Out of her these activities came her first book, The New American Vegetable Cookbook (1984) co-authored with Isaac Cronin and Charlotte Glenn. Since then, she has written POTAGER: Fresh Garden Cooking in the French Style, which has been called a modern classic by Patricia Wells, published into both French and German, and was also a finalist for the prestigious James Beard Award, as was her next book, The Glass Pantry; Preserving Flavors. Shortly thereafter she won a James Beard award for her cookbook memoir, The Food and Flavors of Haute Provence. Her book, Aperitif, won a Julia Child award and Savoring France (the Series) a Versailles International Cookbook award.
The Mediterranean Herb Cookbook (2000), which celebrates herbs and the Mediterranean way with olive oil, was followed in 2001 by Olives, Capers, and Anchovies: The Secret Ingredients of Mediterranean Cooking, (published in Dutch in 2002) both from Chronicle Books. These were followed by Great Greens, also from Chronicle Books. In 2006, she brought to life Dr. Suess’s quirky take on food with The Dr Seuss Green Eggs and Ham Cookbook, (Random House 2006).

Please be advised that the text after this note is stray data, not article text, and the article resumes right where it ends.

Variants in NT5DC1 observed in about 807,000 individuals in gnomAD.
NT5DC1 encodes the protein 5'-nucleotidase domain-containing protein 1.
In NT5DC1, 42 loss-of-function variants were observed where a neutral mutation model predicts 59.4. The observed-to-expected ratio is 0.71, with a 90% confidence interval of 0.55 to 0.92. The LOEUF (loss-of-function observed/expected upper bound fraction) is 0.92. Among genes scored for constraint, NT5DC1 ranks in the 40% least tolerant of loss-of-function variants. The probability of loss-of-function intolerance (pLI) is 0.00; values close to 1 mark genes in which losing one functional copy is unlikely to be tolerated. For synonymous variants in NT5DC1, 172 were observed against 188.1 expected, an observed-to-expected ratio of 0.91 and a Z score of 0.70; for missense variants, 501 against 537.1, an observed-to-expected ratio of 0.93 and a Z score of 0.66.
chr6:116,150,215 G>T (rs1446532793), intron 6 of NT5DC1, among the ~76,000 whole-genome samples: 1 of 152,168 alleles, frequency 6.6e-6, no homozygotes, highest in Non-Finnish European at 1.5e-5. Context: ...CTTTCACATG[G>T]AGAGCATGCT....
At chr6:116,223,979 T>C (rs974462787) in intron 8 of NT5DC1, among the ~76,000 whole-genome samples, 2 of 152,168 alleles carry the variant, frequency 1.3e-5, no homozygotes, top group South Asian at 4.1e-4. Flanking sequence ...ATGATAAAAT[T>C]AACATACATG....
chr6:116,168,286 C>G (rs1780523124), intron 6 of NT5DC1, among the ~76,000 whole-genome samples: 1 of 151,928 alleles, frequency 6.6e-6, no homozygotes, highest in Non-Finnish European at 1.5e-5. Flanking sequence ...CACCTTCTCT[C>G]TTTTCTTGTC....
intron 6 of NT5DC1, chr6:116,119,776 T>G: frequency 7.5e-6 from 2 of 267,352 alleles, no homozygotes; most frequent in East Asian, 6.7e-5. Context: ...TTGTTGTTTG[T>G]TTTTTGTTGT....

Her most recent book is Gather, Memorable Meals for Entertaining Throughout the Seasons.
In 2007 her memoir, A Pig in Provence (Chronicle Books, 2007; paperback Harcourt 2008) was published to much acclaim, and has been printed in both Dutch and Polish.
She is currently working on a dual voice memoir of friendship and continuing to work on a mystery series set in Provence, as well as the Davis Farmers’ Market Cookbook (spring 2012).